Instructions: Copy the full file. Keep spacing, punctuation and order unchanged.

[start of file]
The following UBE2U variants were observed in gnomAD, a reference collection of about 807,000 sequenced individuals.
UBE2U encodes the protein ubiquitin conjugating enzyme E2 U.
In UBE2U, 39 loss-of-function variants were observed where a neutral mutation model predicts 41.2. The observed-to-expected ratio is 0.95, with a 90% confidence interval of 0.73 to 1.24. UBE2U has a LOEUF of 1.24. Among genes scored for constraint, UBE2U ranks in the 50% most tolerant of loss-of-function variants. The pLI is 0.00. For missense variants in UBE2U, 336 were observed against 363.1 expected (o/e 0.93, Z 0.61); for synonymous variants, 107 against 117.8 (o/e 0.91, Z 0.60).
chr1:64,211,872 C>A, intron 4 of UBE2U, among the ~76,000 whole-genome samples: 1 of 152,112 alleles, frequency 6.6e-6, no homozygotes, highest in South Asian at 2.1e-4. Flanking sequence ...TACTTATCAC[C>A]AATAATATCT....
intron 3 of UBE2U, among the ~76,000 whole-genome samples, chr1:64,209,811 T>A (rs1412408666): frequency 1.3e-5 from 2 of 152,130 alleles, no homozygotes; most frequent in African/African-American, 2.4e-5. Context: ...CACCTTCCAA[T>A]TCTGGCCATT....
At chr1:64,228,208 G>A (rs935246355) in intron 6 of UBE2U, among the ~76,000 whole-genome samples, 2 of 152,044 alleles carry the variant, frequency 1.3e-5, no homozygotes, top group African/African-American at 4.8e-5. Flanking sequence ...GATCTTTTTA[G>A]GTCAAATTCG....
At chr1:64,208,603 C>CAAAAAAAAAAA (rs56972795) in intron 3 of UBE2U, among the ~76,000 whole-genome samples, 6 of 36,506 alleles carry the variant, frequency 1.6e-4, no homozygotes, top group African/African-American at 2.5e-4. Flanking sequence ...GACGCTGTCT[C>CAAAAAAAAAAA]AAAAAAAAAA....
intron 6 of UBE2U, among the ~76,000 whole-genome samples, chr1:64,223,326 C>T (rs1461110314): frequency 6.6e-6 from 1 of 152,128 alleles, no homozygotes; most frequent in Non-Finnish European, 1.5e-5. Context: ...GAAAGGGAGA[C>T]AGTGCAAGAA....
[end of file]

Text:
The following UBE2U variants were observed in gnomAD, a reference collection of about 807,000 sequenced individuals.
UBE2U encodes the protein ubiquitin conjugating enzyme E2 U.
In UBE2U, 39 loss-of-function variants were observed where a neutral mutation model predicts 41.2. The observed-to-expected ratio is 0.95, with a 90% confidence interval of 0.73 to 1.24. UBE2U has a LOEUF of 1.24. Among genes scored for constraint, UBE2U ranks in the 50% most tolerant of loss-of-function variants. The pLI is 0.00. For missense variants in UBE2U, 336 were observed against 363.1 expected (o/e 0.93, Z 0.61); for synonymous variants, 107 against 117.8 (o/e 0.91, Z 0.60).
chr1:64,211,872 C>A, intron 4 of UBE2U, among the ~76,000 whole-genome samples: 1 of 152,112 alleles, frequency 6.6e-6, no homozygotes, highest in South Asian at 2.1e-4. Flanking sequence ...TACTTATCAC[C>A]AATAATATCT....
intron 3 of UBE2U, among the ~76,000 whole-genome samples, chr1:64,209,811 T>A (rs1412408666): frequency 1.3e-5 from 2 of 152,130 alleles, no homozygotes; most frequent in African/African-American, 2.4e-5. Context: ...CACCTTCCAA[T>A]TCTGGCCATT....
At chr1:64,228,208 G>A (rs935246355) in intron 6 of UBE2U, among the ~76,000 whole-genome samples, 2 of 152,044 alleles carry the variant, frequency 1.3e-5, no homozygotes, top group African/African-American at 4.8e-5. Flanking sequence ...GATCTTTTTA[G>A]GTCAAATTCG....
At chr1:64,208,603 C>CAAAAAAAAAAA (rs56972795) in intron 3 of UBE2U, among the ~76,000 whole-genome samples, 6 of 36,506 alleles carry the variant, frequency 1.6e-4, no homozygotes, top group African/African-American at 2.5e-4. Flanking sequence ...GACGCTGTCT[C>CAAAAAAAAAAA]AAAAAAAAAA....
intron 6 of UBE2U, among the ~76,000 whole-genome samples, chr1:64,223,326 C>T (rs1461110314): frequency 6.6e-6 from 1 of 152,128 alleles, no homozygotes; most frequent in Non-Finnish European, 1.5e-5. Context: ...GAAAGGGAGA[C>T]AGTGCAAGAA....